The Run

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The route is yet to be finalised, but it’s looking like 1,000 miles with 60,000m of vertical elevation.

I’ll be running with all my equipment, solo and unsupported.

I’ll stop for food where I can, in small villages along the route. I’ll also bag-up as much food as possible when leaving villages to last me through the times I’m in the wilderness.

Navigation will be handled by GPS – 3 devices – iPhone, watch, sat com device. I’ll bring a solar panel and a USB battery to keep everything charged. Sat com will provide live 10 minute interval tracking throughout the run.

The Route

I’ve planned the route from satalite images, elevation scans, and Chinese military maps. It’s not a known tourist trail. A big part of the adventure is the unknown element of the route and terrain, I’m sure I’ll alter my route as I progress, ask for suggestions from locals. Parts of the route goes through real wilderness where I won’t see a village for a few days at a time, and some goes through big urban areas where I’ll be able to restock and recover if needed. I’m planning on running between the 1,000m and 2,500m altitudes. 


My training consists of 4 days of long runs (at least 2 days back-2-back with bivvi overnight, 1 day British Military Fitness HIIT which includes extra running, 1 S&C with trainer, 1 S&C at home, 1 deep tissue massage a week, plenty of stretching and rolling, 1 rest/yoga day. I run around 55km a week as of mid-June and this will increase to around 150km over the next 3 months.

Why? (My Story)

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Who am I?

My name’s Vladimir Morozov (Vlad). I’m a web developer from Birmingham, UK. I didn’t do anything sporty what-so-ever until around 5 years ago. I was overweight and unhealthy. I was at a fork in the road of my life. I had a choice: get healthy and lose some weight or stay this way as I get older. I decided to get healthy. Through dieting and walking I lost 20kg in around 6 months. This made me faster so I was motivated to keep going. I took up cycling, then swimming, then decided to train for triathlons. I competed in a few sprint and olympic distance triathlons. I enjoyed it but became more interested in the great outdoors instead of training purely for speed. I began enjoying exercises for it’s own sake, not just as a way of staying healthy. I started hiking, hill walking, and mountaineering. I travelled as much as I could. I climbed Mount Toubkal, Mont Blanc, and later Elbrus (solo). I started wild camping as a way of reconnecting with nature, escaping the common stress associated with modern living. I’m at my happiest outside – between the sun above my head and the grass under my feet.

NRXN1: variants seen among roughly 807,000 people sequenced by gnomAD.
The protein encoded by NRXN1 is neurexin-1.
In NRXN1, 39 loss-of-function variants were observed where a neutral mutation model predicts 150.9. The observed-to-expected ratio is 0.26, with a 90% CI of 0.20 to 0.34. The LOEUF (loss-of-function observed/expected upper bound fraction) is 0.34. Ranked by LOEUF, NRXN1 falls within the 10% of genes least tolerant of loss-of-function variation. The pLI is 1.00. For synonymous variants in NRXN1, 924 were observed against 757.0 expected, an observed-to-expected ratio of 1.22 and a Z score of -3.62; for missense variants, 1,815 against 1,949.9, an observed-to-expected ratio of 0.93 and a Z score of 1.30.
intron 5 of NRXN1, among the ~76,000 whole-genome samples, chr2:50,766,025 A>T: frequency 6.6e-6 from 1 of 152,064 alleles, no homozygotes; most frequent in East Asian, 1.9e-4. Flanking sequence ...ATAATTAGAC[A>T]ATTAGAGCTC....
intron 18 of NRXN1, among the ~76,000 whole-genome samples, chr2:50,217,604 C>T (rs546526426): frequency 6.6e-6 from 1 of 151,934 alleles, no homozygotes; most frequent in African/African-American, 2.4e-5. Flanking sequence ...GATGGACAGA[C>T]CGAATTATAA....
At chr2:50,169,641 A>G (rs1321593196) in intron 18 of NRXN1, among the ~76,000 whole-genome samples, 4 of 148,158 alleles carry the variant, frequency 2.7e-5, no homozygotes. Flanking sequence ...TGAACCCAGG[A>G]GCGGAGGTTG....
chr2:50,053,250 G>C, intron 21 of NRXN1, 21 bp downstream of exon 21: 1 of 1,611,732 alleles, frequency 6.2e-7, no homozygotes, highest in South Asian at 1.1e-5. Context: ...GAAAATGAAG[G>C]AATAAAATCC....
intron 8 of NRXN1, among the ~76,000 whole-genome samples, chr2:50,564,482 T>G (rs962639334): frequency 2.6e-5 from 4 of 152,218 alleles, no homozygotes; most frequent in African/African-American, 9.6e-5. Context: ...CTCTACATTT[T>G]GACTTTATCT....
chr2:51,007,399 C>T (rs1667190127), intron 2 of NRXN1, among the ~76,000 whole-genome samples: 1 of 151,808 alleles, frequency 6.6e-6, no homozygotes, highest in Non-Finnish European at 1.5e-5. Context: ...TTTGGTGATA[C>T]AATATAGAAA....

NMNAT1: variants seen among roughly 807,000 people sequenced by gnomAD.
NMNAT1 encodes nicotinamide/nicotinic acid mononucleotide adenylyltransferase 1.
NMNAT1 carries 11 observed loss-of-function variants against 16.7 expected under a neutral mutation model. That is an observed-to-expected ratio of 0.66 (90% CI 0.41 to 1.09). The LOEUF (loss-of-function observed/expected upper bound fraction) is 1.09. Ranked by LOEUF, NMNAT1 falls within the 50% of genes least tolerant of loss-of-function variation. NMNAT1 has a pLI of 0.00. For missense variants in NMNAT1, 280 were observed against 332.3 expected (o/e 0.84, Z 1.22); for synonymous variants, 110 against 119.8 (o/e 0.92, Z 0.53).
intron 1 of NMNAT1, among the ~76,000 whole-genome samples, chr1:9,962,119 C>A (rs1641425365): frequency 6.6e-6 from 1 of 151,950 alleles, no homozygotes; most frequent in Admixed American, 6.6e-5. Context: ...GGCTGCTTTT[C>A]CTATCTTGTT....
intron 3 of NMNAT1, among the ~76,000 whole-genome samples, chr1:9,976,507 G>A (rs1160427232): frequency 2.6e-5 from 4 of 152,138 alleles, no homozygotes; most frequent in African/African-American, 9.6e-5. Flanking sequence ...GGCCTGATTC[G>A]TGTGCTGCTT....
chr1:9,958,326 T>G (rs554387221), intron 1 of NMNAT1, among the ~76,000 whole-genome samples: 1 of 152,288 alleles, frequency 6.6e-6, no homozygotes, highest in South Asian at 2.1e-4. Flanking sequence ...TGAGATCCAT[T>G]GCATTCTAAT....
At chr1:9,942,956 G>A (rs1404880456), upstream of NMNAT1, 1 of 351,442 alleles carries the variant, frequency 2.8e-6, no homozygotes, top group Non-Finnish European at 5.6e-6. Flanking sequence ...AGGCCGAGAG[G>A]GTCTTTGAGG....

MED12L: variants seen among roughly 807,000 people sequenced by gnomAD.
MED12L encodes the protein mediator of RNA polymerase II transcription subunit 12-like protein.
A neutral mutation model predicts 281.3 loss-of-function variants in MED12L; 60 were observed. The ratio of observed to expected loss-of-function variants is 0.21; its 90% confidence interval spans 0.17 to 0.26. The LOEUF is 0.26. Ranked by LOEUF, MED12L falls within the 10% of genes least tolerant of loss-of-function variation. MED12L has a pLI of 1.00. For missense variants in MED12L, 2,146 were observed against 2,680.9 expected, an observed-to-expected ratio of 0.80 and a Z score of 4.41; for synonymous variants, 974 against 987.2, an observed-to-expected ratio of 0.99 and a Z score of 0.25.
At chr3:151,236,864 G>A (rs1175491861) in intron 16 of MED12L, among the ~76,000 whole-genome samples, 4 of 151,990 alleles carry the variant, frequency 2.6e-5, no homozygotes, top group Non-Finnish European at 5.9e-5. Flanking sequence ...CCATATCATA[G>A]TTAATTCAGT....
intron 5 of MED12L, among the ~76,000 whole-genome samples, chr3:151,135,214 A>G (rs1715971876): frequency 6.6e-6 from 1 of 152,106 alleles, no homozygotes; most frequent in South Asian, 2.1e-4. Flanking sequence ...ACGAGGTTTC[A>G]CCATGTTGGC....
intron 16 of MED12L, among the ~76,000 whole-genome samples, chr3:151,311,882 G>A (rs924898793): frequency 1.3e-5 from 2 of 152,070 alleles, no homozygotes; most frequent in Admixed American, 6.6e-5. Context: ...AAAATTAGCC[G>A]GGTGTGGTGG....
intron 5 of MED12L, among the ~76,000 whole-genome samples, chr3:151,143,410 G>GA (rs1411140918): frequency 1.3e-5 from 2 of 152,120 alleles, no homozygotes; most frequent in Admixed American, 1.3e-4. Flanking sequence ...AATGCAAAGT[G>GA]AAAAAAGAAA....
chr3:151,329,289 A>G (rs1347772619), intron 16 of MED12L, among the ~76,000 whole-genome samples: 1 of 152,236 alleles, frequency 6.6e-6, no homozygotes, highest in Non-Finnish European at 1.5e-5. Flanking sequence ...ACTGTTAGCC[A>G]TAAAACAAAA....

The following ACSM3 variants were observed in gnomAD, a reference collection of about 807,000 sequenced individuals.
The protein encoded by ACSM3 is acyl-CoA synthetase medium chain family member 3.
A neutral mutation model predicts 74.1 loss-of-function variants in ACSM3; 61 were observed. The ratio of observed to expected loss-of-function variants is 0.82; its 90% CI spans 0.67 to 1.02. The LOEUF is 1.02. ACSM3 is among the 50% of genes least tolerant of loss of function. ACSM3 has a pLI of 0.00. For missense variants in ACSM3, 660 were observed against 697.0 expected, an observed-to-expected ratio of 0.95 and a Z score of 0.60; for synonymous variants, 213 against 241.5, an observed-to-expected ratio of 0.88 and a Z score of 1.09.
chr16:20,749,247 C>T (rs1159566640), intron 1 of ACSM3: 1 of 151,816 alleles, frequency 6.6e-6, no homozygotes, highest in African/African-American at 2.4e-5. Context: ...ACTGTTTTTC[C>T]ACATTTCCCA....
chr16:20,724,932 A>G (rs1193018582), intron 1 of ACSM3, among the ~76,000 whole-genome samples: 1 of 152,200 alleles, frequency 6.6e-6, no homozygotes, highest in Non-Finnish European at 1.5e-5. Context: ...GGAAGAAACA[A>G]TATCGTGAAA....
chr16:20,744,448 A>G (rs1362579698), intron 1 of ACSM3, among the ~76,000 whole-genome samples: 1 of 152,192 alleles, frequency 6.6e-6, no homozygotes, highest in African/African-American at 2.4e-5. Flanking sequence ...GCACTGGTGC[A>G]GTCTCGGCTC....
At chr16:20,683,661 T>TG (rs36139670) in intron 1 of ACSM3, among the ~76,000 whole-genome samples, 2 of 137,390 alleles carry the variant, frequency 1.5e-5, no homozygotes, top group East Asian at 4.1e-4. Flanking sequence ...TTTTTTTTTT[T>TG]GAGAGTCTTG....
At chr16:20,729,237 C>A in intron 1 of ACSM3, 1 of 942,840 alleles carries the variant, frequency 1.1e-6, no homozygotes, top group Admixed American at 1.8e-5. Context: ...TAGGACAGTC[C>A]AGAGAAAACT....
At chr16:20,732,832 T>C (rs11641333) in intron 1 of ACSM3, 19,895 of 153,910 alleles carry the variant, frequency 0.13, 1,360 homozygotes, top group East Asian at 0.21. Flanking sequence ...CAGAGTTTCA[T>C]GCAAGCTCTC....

Where did the idea come from?

It was the night that I completed the Tour du Mont Blanc (200km hike with 11,000 metres of elevation gain). I got chatting to a guide on the bus to Chamonix who later joined me for my last day of the TMB. When we both got back to Chamonix, we bumped into my Airbnb host and a few bottles of wine later, an idea was forming. My Airbnb host was Nepalese and I was listening with interest as he recalled stories of his home Nepal.

Aside from collecting money for charity, why try to run 1,000 miles across Nepal?

Running across Nepal is my way of getting to know the country. It combines a few of my biggest passions: adventure; sport; nature; wild camping; meeting people from different cultures to my own. I’ve been told that the Nepalese people are very friendly so I can’t wait to get our there and meet new friends.

My Chosen Charity: Nepal Youth Foundation UK

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Nepal Youth Foundation UK offers hope and opportunity to Nepal’s most impoverished children by providing them with what is every child’s birth right: vital healthcare, education and a safe environment.

Children are perhaps the hardest hit by the nation’s challenges.

But however impoverished or disabled, and however difficult the circumstances that surround them, Nepali children have an enormous capacity for happiness and success. Nepal Youth Foundation knows how to make an enduring difference.

Meet the charity’s founders and see first hand some of the work that they do in this film about their Nutritional Rehabilitation Homes.